Jules Hirsch is considered one of the early leaders in the study of human metabolism and the biological changes that accompany obesity, independently of the will to regulate appetite and fullness.7-9 It is generally accepted that the natural evolution of human beings leads to the development of accumulation of energetic material in the form of body fat to protect against times of food shortage in the environment; therefore, it has been said that it is easier to store fat than to lose it. Based on this principle Hirsch made several studies on the type of caloric intake, storage, and effects on body weight; he also added that there was another participating factor, which was the level of physical muscular activity.9,10 Another discussion was related to the effect of both genetics and epigenetics involved in the preference for fat accumulation in the body. In this regard, it is known that there are specific receptors in the body to capture fat, and that the preferred sites are determined genetically and by environmental changes.11,12
In addition, Jules Hirsch contributed to the elucidation of the mechanism of obesity, which currently is one of the most alarming problems affecting health by its inherent association with multiple metabolic and cardiovascular disorders.13-15 His studies have also attracted therapeutic interest for the development of new agents that modify at the molecular level the tissue receptors for circulating fats, thus favorably altering metabolism. Hirsch also found a way to intervene on the brain’s control of the appetite-fullness axis, as well as agents of intercommunication of adipocyte with the hypothalamus.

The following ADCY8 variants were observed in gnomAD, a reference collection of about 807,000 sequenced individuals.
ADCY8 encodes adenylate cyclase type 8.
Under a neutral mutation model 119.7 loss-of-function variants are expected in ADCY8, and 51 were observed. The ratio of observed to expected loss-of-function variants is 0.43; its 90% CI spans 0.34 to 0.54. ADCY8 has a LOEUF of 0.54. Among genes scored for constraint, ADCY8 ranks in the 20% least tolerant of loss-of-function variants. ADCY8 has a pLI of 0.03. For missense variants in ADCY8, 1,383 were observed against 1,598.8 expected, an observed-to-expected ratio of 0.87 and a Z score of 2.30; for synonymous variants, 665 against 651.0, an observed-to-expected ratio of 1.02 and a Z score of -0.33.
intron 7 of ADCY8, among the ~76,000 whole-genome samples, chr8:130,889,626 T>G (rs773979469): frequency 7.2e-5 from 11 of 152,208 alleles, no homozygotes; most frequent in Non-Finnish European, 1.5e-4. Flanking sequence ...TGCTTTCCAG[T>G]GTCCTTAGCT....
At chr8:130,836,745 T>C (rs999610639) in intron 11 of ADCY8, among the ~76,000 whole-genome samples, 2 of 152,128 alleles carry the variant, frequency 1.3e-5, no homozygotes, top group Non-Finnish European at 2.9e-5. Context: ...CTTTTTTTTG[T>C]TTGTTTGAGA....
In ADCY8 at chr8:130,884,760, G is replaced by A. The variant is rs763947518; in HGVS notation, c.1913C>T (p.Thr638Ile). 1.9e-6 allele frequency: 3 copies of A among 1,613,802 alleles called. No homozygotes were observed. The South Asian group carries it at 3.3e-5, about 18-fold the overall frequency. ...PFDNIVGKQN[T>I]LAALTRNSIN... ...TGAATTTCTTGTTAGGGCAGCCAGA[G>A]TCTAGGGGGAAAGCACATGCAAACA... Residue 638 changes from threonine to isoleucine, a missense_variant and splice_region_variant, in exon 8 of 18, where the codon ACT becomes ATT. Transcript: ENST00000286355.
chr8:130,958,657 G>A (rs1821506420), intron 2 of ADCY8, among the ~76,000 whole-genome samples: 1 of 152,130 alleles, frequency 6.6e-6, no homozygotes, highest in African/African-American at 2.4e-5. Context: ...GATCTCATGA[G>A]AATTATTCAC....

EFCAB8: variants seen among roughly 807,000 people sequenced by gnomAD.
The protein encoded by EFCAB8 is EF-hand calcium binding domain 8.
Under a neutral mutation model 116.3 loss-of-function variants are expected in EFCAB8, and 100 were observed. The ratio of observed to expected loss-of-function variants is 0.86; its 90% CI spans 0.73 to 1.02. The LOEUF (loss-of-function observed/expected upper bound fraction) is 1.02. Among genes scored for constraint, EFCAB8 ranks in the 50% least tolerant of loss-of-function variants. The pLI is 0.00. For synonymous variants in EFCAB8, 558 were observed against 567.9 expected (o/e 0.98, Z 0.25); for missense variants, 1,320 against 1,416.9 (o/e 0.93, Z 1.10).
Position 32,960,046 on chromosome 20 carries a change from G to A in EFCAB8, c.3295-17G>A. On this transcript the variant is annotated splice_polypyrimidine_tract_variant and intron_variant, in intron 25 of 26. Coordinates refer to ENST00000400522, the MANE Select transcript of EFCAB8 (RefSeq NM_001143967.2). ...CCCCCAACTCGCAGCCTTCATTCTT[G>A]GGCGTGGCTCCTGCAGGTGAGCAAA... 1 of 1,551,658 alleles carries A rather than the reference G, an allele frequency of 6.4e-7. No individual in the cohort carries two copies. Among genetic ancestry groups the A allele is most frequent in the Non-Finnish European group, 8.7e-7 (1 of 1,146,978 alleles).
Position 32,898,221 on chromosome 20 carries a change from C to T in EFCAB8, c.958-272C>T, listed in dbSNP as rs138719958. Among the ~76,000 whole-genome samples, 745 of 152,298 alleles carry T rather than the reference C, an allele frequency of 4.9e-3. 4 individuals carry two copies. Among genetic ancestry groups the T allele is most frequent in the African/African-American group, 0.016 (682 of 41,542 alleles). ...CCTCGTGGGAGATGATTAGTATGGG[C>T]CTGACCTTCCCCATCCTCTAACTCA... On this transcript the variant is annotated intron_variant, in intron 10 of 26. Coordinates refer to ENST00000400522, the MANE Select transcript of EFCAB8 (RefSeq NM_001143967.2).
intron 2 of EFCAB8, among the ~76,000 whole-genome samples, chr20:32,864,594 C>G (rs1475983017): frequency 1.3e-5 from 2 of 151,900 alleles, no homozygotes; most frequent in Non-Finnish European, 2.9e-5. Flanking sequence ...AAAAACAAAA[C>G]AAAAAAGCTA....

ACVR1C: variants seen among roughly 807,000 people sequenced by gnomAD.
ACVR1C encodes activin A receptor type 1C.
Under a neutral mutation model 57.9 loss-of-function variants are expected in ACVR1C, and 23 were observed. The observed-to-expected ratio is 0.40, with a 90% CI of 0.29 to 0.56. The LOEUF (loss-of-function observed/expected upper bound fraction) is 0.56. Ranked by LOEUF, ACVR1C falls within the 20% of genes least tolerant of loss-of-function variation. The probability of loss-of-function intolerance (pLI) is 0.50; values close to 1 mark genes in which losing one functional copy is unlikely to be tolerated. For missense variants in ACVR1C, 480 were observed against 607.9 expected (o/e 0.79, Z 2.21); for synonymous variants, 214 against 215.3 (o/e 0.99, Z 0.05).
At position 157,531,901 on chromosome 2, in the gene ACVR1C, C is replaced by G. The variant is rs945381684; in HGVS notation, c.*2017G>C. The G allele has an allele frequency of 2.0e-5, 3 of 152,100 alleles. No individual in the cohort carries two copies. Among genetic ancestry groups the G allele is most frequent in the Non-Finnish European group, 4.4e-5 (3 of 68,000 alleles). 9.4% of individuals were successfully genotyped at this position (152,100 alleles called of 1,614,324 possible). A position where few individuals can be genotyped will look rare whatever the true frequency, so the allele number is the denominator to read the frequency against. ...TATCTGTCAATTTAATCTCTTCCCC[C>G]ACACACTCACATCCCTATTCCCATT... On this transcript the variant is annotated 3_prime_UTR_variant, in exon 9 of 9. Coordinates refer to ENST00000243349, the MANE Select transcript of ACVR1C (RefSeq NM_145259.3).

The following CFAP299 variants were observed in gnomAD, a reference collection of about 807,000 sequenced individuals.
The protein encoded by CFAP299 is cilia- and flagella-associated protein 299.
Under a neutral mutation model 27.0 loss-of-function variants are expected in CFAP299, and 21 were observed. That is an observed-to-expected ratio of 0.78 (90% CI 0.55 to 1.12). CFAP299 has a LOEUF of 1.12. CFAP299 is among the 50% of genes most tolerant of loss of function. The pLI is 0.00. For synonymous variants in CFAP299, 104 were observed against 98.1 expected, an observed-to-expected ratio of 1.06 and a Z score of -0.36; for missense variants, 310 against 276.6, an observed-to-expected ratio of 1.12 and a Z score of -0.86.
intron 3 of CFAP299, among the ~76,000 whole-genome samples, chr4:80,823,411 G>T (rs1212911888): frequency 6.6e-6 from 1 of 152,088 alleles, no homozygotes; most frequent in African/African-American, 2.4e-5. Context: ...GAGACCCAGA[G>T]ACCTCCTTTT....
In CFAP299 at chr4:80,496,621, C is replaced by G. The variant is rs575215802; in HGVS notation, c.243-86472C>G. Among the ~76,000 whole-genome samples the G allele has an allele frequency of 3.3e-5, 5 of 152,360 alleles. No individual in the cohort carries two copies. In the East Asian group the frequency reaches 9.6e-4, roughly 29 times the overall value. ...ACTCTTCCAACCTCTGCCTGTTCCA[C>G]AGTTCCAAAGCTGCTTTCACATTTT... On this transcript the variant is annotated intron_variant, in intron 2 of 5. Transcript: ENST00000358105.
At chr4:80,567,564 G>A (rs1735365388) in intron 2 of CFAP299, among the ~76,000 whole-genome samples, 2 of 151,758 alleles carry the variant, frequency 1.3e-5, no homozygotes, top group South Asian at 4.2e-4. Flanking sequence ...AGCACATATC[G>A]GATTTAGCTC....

In addition, many of Hirsch’s studies (Figure 4) on adipocytes and fat metabolism have contributed to the concept that adipose tissue is not simply a fuel store that provides the body with energy, but rather this tissue has the participation of molecules from other tissues and the brain’s regulation of the appetite-fullness axis at the hypothalamus.
Figure 4 Jules Hirsch at the final stage of his scientific activity (circa 2012)
This article was published in Acta Medica Group Angeles (2015; 13 (4): 277-80). This reproduction has been authorized by Luis Benitez, editor of that journal.
The authors are professional researchers from both the Sistema Nacional de Investigadores del Consejo Nacional de Ciencia y Tecnología (CONACyT) and the Instituto Mexicano del Seguro Social (IMSS).
Conflict of interest statement: The authors have completed and submitted the form translated into Spanish for the declaration of potential conflicts of interest of the International Committee of Medical Journal Editors, and none were reported in relation to this article.